June – Music. Of a fly reel drag singing its sweet metallic tune, all the while as a double-digit Lake Texoma striped bass heads for deeper water with my hand-tied topwater popper fly hanging from the corner of his mouth. I've never fished the famed fall striper blitzes off the coast of Montauk, N.Y., but the boiling early summer surface action on 89,000-acre Texoma comes in a mighty close second in my book.

Dandy Dozen
(Lynn Burkhead photo)

July – Splash. The huge explosion of water as a Labrador retriever goes airborne into a local stock tank. All the while going through the summer paces of hard-core training, getting ready for the rigors of early teal season and the real duck and goose seasons sure to come later on in the fall as the heat of summer fades. And that will be a time when all of this sweat equity is well worth it as the north wind blows during one of my favorite times of the year

August – Musk. As in the musky smell of a pronghorn antelope buck during the August archery season in eastern New Mexico. Once you tag a speed goat – especially with a bow – the curious, strong and musky odor that permeates these glorious critters is something that you’ll never forget. Ditto for the way that antelope backstrap smells – and tastes – when it is hot off the grill. Now if only I can draw a tag!

September – Gunpowder. There is nothing like the smell of spent gunpowder on the hot, dry wind of an early September day in Texas. As dozens of mourning dove whiz by overhead in a furious riot of wings. After a long, hot and dry summer of discontent, the first fall hunting season is finally at hand.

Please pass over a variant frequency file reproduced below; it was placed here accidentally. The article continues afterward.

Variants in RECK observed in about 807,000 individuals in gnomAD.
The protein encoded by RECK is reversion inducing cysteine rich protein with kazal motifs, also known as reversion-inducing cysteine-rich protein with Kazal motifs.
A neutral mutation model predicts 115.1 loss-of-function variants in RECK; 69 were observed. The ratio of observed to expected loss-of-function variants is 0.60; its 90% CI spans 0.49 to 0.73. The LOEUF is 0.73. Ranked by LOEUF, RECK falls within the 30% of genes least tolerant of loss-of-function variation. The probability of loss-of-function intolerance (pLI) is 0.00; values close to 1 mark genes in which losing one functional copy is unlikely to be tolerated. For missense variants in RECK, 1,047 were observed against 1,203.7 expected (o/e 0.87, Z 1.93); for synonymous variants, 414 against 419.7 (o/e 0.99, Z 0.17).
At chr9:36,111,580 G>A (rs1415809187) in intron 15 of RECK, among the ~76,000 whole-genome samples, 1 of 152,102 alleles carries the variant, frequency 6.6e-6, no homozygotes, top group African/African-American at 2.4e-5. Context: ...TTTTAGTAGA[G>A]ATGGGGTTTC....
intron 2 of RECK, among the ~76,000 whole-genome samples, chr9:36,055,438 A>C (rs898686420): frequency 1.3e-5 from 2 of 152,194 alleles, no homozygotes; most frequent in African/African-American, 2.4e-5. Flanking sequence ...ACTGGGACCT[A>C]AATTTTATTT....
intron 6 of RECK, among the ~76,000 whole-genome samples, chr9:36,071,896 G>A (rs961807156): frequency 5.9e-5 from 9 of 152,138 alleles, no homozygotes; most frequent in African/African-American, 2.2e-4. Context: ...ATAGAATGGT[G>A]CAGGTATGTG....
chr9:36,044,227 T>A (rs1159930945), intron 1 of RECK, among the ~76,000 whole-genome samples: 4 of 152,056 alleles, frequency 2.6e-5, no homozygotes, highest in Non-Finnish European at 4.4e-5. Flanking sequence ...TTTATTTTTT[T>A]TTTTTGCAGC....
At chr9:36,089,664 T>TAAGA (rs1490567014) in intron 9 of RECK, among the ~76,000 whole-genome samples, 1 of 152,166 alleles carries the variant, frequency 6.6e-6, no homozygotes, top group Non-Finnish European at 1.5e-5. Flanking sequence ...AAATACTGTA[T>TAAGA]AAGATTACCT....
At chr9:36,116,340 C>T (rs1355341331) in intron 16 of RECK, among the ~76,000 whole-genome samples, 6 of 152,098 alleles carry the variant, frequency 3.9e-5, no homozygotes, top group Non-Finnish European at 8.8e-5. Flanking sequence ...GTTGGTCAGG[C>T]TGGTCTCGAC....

October – Twang. A sound heard best from a treestand. As a big whitetail slips in just before the cover of darkness to chow down on some green stuff keeping him on an early season food pattern. When the soft twang of my bowstring is heard, an arrow will be whistling its way towards a wallhanger. And a freezer full of some of the best eating – and leanest – meat in all of the world.

November – Frost. After a hot summer and a warm early autumn, few things stir this hunter's heart like being afield on a frosty November dawn. Especially when rutting whitetails are on the prowl, grunting their way hurriedly through the local woods as they embark on an ongoing quest for love. Migrating ducks also are finally on the wing in my part of the Central Flyway, causing me to go to bed at night not sure of the quarry I want to pursue the next morning. And not too far to the north of where I live, cackling pheasants are in the air too, offering some of the year's best wingshooting action. During the second best time of the year.

December – Joy. During what I believe is the best time of the year. It's a time for family and friends. And a time for Christmas holiday music, long held traditions and beautiful decorations. The final month of the year is the heart of duck season where I live. And it offers the fading days of deer season as the big boys get back on food patterns. As another year draws to a close, I'll brew something warm, sit by the fire and reflect on the best gifts I have been given this year, things that no amount of money can buy.